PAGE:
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Madras for our kids part 2

A slow early evening walk on the promenade of Marina Beach can be an interesting exercise in ‘man watching’. If you have the time to slow down and see.
On Sunday evening last, at about 4.30 p.m. I was opposite the Presidency College, keen to observe one of many Madras Week events.
Revathi R. who is the person behind the Yocee website for children had promoted this event which would end with children participants creating a scrapbook.
Even at that early evening hour, there were thousands of people on the Marina’s sands and hundreds kept pouring in, from the subway, the roads and from elsewhere.
A small bunch of children and their guardians had assembled at the base of the statue of Kannagi for the Madras Week event.
The intent was to get the kids to walk southwards to every statue, which was erected on the Marina by a previous DMK government in connection with the World Tamil Conference in 1968.
Resource-person Krishma Shankar would tell the group short stories on the person whose statue the kids were looking at and the kids came up with their own stories.
As the kids hopped from Kannagi to G. U. Pope to Avvaiyar and finally to the Mahatma Gandhi statue created by the famed sculptor D. P. Roy Chowdhury they also took in the façades of the landmark buildings on the western side and of all the activities on the beachside at that time of the day.
Once the Walk was over, they gathered at the Children’s Club hall on V. M. Street in Mylapore and worked on creating a scrapbook from pre-photographed images of the statues and of the Marina, using light board, paper and thread. When they finally wound up it was 8 p.m. and none had murmured or yawned.
I assume that all these children must have learnt something about the people who made history and of the life on the Marina beach. Just imagine the thoughts that a scrapbook of this nature can evoke if the kids preserve it and pick it up again a decade or two later.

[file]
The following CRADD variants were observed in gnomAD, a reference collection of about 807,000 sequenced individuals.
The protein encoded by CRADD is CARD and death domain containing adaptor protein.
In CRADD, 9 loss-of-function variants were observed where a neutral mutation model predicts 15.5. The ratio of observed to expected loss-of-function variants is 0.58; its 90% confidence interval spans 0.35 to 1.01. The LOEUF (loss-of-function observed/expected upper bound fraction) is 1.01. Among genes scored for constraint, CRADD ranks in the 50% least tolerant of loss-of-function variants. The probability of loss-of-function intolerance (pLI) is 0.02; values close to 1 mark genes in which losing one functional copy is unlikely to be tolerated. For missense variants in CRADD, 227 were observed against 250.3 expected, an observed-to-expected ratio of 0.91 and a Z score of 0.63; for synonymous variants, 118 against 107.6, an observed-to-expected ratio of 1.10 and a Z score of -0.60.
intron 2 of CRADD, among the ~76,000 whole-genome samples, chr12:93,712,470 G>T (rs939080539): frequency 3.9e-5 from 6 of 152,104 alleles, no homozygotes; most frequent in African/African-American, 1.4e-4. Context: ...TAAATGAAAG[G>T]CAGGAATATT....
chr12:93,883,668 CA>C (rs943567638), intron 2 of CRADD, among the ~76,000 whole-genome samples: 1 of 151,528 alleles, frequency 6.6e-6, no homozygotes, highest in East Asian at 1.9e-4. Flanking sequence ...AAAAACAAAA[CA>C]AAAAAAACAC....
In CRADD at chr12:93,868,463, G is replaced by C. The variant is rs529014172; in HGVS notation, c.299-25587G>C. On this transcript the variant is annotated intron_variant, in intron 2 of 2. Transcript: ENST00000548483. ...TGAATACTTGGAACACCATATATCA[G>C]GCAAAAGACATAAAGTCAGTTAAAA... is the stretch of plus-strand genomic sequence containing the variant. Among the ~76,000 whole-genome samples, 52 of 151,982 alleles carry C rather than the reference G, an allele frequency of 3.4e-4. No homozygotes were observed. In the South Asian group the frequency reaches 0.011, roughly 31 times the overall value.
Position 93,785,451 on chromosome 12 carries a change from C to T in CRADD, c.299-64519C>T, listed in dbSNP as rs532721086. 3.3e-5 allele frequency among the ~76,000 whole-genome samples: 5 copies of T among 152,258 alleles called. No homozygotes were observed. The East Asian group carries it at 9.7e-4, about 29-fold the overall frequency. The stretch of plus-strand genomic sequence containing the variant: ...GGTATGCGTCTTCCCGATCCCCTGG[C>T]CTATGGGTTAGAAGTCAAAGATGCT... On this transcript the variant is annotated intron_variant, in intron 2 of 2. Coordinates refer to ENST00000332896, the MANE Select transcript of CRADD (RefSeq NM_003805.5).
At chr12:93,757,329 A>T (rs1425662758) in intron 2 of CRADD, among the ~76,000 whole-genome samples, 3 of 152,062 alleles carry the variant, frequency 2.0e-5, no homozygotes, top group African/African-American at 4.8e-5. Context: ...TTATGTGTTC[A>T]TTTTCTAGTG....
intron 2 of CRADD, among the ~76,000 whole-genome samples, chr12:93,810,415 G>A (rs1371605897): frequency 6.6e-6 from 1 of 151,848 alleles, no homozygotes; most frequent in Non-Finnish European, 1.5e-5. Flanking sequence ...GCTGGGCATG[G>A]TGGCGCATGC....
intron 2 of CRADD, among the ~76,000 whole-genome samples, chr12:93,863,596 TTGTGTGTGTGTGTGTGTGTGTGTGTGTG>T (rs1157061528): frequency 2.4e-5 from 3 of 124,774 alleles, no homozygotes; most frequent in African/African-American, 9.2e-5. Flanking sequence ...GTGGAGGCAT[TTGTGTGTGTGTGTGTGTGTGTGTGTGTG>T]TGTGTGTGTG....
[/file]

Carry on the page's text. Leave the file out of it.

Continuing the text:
That evening, I felt the immense effect that a simple Walk and a Scrapbook Making Event can have on young minds. I thought of things we could do to get kids to know their city better.
This edition of Madras Week has seen a small increase in the events meant for children. But there is a need to ideate lots more creative events that can catch their imagination.
One wishes that the Heads of our city schools include the annual Madras Week season in their school calendar and pay some attention to educating our children on our city.
Some imagination, thought and initiative can produce great results.

Karthik Varma gallery

have been a journalist since 1980. (Studied at St. Anthony\'s, Egmore - 1965 - \'77 - and at Loyola, Madras - 1977 - \'81) I reported for The Week magazine of the Malayala Manorama and was a stringer for BBC Radio.

more from Karthik Varma

Madras for our kids part 3

A slow early evening walk on the promenade of Marina Beach can be an interesting exercise in ‘man watching’. If you have the time to slow down and see.
On Sunday evening last, at about 4.30 p.m. I was opposite the Presidency College, keen to observe one of many Madras Week events.
Revathi R. who is the person behind the Yocee website for children had promoted this event which would end with children participants creating a scrapbook.
Even at that early evening hour, there were thousands of people on the Marina’s sands and hundreds kept...

read more
Madras for our kids

A slow early evening walk on the promenade of Marina Beach can be an interesting exercise in ‘man watching’. If you have the time to slow down and see.
On Sunday evening last, at about 4.30 p.m. I was opposite the Presidency College, keen to observe one of many Madras Week events.

Revathi R. who is the person behind the Yocee website for children had promoted this event which would end with children participants creating a scrapbook.
Even at that early evening hour, there were thousands of people on the Marina’s sands and hundreds...

read more
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